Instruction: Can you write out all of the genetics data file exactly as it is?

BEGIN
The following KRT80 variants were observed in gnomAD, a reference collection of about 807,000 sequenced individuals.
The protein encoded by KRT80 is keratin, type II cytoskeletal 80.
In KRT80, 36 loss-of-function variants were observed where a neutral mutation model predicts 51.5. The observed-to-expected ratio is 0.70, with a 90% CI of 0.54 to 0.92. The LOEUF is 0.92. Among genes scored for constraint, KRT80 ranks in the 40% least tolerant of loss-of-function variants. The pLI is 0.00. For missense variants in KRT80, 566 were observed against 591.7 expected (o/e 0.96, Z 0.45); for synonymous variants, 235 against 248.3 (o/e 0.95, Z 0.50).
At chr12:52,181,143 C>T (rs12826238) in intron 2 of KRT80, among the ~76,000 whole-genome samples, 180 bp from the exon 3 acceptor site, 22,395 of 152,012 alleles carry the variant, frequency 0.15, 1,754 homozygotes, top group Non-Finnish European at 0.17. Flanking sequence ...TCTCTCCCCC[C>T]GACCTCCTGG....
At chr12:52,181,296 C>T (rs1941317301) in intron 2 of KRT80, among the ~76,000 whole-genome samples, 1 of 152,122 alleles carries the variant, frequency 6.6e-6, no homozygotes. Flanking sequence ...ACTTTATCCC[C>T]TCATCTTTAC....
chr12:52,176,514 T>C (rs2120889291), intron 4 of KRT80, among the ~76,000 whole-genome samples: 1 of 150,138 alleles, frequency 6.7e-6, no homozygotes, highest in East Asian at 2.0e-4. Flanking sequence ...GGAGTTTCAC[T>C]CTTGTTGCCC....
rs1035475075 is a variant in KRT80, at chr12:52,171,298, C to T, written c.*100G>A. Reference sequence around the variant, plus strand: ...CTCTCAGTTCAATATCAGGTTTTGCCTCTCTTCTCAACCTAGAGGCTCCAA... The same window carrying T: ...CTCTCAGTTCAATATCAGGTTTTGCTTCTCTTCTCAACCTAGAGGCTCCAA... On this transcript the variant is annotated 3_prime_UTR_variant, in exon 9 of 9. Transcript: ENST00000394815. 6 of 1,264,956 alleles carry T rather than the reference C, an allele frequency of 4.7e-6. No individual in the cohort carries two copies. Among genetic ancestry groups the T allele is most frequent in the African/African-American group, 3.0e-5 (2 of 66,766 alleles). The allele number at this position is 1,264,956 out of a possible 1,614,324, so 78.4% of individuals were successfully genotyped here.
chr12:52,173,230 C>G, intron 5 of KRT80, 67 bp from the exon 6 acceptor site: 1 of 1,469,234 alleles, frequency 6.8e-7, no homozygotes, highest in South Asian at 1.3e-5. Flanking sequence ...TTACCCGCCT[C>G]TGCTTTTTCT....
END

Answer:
The following KRT80 variants were observed in gnomAD, a reference collection of about 807,000 sequenced individuals.
The protein encoded by KRT80 is keratin, type II cytoskeletal 80.
In KRT80, 36 loss-of-function variants were observed where a neutral mutation model predicts 51.5. The observed-to-expected ratio is 0.70, with a 90% CI of 0.54 to 0.92. The LOEUF is 0.92. Among genes scored for constraint, KRT80 ranks in the 40% least tolerant of loss-of-function variants. The pLI is 0.00. For missense variants in KRT80, 566 were observed against 591.7 expected (o/e 0.96, Z 0.45); for synonymous variants, 235 against 248.3 (o/e 0.95, Z 0.50).
At chr12:52,181,143 C>T (rs12826238) in intron 2 of KRT80, among the ~76,000 whole-genome samples, 180 bp from the exon 3 acceptor site, 22,395 of 152,012 alleles carry the variant, frequency 0.15, 1,754 homozygotes, top group Non-Finnish European at 0.17. Flanking sequence ...TCTCTCCCCC[C>T]GACCTCCTGG....
At chr12:52,181,296 C>T (rs1941317301) in intron 2 of KRT80, among the ~76,000 whole-genome samples, 1 of 152,122 alleles carries the variant, frequency 6.6e-6, no homozygotes. Flanking sequence ...ACTTTATCCC[C>T]TCATCTTTAC....
chr12:52,176,514 T>C (rs2120889291), intron 4 of KRT80, among the ~76,000 whole-genome samples: 1 of 150,138 alleles, frequency 6.7e-6, no homozygotes, highest in East Asian at 2.0e-4. Flanking sequence ...GGAGTTTCAC[T>C]CTTGTTGCCC....
rs1035475075 is a variant in KRT80, at chr12:52,171,298, C to T, written c.*100G>A. Reference sequence around the variant, plus strand: ...CTCTCAGTTCAATATCAGGTTTTGCCTCTCTTCTCAACCTAGAGGCTCCAA... The same window carrying T: ...CTCTCAGTTCAATATCAGGTTTTGCTTCTCTTCTCAACCTAGAGGCTCCAA... On this transcript the variant is annotated 3_prime_UTR_variant, in exon 9 of 9. Transcript: ENST00000394815. 6 of 1,264,956 alleles carry T rather than the reference C, an allele frequency of 4.7e-6. No individual in the cohort carries two copies. Among genetic ancestry groups the T allele is most frequent in the African/African-American group, 3.0e-5 (2 of 66,766 alleles). The allele number at this position is 1,264,956 out of a possible 1,614,324, so 78.4% of individuals were successfully genotyped here.
chr12:52,173,230 C>G, intron 5 of KRT80, 67 bp from the exon 6 acceptor site: 1 of 1,469,234 alleles, frequency 6.8e-7, no homozygotes, highest in South Asian at 1.3e-5. Flanking sequence ...TTACCCGCCT[C>G]TGCTTTTTCT....